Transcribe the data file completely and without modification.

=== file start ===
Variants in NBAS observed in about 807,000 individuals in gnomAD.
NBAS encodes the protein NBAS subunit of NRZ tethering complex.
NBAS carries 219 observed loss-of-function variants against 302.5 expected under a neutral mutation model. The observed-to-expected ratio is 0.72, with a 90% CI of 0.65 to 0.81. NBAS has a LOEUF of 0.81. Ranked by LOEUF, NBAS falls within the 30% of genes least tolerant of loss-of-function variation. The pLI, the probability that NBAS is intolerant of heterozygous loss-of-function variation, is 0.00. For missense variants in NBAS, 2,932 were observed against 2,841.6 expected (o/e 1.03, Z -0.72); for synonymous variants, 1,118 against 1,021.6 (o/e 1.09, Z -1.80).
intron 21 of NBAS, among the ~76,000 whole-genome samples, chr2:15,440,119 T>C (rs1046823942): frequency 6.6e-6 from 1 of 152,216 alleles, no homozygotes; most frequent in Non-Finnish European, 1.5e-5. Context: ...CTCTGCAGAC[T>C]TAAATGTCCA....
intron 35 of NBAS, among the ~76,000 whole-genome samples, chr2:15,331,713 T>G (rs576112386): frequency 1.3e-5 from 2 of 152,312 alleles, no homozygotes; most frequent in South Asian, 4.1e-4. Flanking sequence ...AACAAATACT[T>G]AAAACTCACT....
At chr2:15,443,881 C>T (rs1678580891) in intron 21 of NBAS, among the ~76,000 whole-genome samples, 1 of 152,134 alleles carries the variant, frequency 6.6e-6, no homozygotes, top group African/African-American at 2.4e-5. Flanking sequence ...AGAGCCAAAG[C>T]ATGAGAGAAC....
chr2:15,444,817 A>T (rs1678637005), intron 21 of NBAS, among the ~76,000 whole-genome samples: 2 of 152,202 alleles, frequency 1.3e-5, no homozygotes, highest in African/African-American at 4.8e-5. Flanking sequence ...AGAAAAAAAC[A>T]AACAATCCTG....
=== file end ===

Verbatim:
Variants in NBAS observed in about 807,000 individuals in gnomAD.
NBAS encodes the protein NBAS subunit of NRZ tethering complex.
NBAS carries 219 observed loss-of-function variants against 302.5 expected under a neutral mutation model. The observed-to-expected ratio is 0.72, with a 90% CI of 0.65 to 0.81. NBAS has a LOEUF of 0.81. Ranked by LOEUF, NBAS falls within the 30% of genes least tolerant of loss-of-function variation. The pLI, the probability that NBAS is intolerant of heterozygous loss-of-function variation, is 0.00. For missense variants in NBAS, 2,932 were observed against 2,841.6 expected (o/e 1.03, Z -0.72); for synonymous variants, 1,118 against 1,021.6 (o/e 1.09, Z -1.80).
intron 21 of NBAS, among the ~76,000 whole-genome samples, chr2:15,440,119 T>C (rs1046823942): frequency 6.6e-6 from 1 of 152,216 alleles, no homozygotes; most frequent in Non-Finnish European, 1.5e-5. Context: ...CTCTGCAGAC[T>C]TAAATGTCCA....
intron 35 of NBAS, among the ~76,000 whole-genome samples, chr2:15,331,713 T>G (rs576112386): frequency 1.3e-5 from 2 of 152,312 alleles, no homozygotes; most frequent in South Asian, 4.1e-4. Flanking sequence ...AACAAATACT[T>G]AAAACTCACT....
At chr2:15,443,881 C>T (rs1678580891) in intron 21 of NBAS, among the ~76,000 whole-genome samples, 1 of 152,134 alleles carries the variant, frequency 6.6e-6, no homozygotes, top group African/African-American at 2.4e-5. Flanking sequence ...AGAGCCAAAG[C>T]ATGAGAGAAC....
chr2:15,444,817 A>T (rs1678637005), intron 21 of NBAS, among the ~76,000 whole-genome samples: 2 of 152,202 alleles, frequency 1.3e-5, no homozygotes, highest in African/African-American at 4.8e-5. Flanking sequence ...AGAAAAAAAC[A>T]AACAATCCTG....